Agent

Created

Date Created
  • 2014

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Exploring the intersections of local language policies and emergent bilingual learner identities: a comparative classroom study at an urban Arizona school

Description

This multilevel, institutional case study used ethnographic methods to explore the intersections of local language policies and emergent bilingual students’ identities in dual language and structured English immersion (SEI) classrooms

This multilevel, institutional case study used ethnographic methods to explore the intersections of local language policies and emergent bilingual students’ identities in dual language and structured English immersion (SEI) classrooms at one urban elementary school. Using a sociocultural policy approach as means to explore the ways that educational language policies are appropriated and practiced in schools and classrooms and an intersectional literacy identity framework, I engaged in a multilevel qualitative analysis of one school, two fifth-grade classrooms, and four focal emergent bilingual students. At the school and classroom levels, I sought to understand the ways educators practiced and enacted language policies as well as how they conceptualized (bi)literacy for emergent bilingual students. At the student level, I engaged in identity-text writing sessions designed around student interests yet aligned with the opinion/argumentation writing style the students were working on in class at the time of data collection. Additionally, I conducted one-on-one interviews with the participants at each level of analysis (i.e. school-level, classroom-level, and student-level). The primary data analysis sources included participant interviews, classroom observations, and student identity-text artifacts.

Findings highlight the dynamic in-school and classroom-level realities of emergent bilingual students in an Arizona educational-language policy context. Specifically, at the school level, there was an ongoing tension between compliance and resistance to state-mandated policies for emergent bilingual students. At the school and classroom levels, there were distinct differences in the ways students across the two classrooms were positioned within the larger school environment as well as variation surrounding how language and culture were positioned as a resource in each classroom context. The role of teachers as language policymakers is also explored through the findings. Analysis of student texts revealed the centrality of intersectional student identities throughout the writing processes. The discussion and conclusions more broadly address implications for educational practice, policy, and future research directions.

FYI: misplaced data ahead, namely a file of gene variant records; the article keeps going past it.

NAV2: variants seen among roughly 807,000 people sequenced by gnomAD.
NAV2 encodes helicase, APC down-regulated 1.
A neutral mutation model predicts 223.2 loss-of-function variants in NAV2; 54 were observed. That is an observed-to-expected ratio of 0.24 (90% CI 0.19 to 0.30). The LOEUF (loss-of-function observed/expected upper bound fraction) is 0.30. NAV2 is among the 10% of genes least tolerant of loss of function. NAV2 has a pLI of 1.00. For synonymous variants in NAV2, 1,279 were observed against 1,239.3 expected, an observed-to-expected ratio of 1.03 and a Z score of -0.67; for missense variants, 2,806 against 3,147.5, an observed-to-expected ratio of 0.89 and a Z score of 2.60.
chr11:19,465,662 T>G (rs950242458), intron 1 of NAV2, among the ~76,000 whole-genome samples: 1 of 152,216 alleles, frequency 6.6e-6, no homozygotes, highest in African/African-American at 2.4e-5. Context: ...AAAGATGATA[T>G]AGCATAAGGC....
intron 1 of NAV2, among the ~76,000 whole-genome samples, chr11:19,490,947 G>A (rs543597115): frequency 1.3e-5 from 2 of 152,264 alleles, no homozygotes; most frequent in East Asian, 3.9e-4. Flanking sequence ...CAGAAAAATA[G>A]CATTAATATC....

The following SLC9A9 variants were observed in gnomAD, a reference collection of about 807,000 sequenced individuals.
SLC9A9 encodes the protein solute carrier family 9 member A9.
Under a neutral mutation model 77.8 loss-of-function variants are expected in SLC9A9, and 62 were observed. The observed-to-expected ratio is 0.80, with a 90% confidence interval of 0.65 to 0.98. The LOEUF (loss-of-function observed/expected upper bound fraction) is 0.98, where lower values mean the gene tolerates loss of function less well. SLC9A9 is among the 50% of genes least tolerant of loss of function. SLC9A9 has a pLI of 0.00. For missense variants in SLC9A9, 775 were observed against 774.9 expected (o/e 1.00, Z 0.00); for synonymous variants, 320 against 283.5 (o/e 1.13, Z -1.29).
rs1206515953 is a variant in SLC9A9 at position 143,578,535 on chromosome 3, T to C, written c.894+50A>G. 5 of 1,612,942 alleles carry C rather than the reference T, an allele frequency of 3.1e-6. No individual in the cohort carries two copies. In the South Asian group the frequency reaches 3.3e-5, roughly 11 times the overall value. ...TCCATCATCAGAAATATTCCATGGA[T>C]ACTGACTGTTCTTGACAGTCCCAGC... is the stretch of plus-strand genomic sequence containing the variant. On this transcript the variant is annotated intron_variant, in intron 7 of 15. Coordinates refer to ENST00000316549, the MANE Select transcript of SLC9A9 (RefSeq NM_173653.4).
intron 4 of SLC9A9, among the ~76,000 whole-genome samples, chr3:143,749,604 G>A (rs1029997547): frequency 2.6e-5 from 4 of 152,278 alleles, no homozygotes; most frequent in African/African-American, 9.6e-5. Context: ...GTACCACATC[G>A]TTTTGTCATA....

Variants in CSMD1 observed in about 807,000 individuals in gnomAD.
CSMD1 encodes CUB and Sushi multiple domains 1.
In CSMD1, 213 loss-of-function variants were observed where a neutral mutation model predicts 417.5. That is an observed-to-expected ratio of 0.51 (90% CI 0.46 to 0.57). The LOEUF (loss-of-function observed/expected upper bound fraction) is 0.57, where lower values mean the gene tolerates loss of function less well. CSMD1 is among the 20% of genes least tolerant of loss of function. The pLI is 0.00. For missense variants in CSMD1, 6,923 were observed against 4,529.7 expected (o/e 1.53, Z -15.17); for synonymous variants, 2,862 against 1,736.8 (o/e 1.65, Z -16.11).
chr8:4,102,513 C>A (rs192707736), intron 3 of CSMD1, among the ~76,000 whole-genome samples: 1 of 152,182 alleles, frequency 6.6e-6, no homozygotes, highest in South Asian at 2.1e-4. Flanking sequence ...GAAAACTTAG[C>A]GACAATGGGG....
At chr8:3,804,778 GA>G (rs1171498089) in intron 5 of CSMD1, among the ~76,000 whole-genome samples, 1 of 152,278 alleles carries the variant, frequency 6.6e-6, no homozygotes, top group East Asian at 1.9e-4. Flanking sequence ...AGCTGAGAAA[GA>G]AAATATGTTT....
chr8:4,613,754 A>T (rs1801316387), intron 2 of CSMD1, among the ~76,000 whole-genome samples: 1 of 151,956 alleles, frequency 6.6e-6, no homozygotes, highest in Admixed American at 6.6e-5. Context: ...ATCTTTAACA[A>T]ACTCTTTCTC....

Contributors

Agent

Created

Date Created
  • 2018

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Teachers taking action with student perception survey data

Description

As scrutiny of teacher effectiveness increases, there is a greater call for multiple instruments to measure teacher effectiveness and provide robust feedback to support teacher growth and development. Student perception

As scrutiny of teacher effectiveness increases, there is a greater call for multiple instruments to measure teacher effectiveness and provide robust feedback to support teacher growth and development. Student perception surveys, questionnaires completed by K-12 students about their teachers, have increasingly been used to evaluate teachers and provide feedback. Situated in the Mary Lou Fulton Teachers College (MLFTC) at Arizona State University, this action research study used Attribution Theory, Sensemaking Theory, and research on teacher emotion to 1) document the experiences of pre-service teachers as they related to the administration and subsequent results from a student perception survey (SPS), and 2) examine the influence of two online professional development modules created to prepare teachers for the SPS process and make sense of the results. Teacher candidates participated in the SPS process in their final, year-long residency. Results from the mixed-methods study provided evidence that pre-service teachers had both positive and negative experiences that were influenced by the SPS results they received from their students. Also, depending on the results they received, teacher candidates either attributed the cause of the results to themselves or to characteristics of their students. Results from the study also indicate that teacher candidates use few strategies to make sense of the results and used those strategies to varying degrees. Pre-service teachers indicated that they regarded the modules as helpful in the sense-making process. Furthermore, evidence indicates that pre-service teachers value their students’ feedback.

Contributors

Agent

Created

Date Created
  • 2017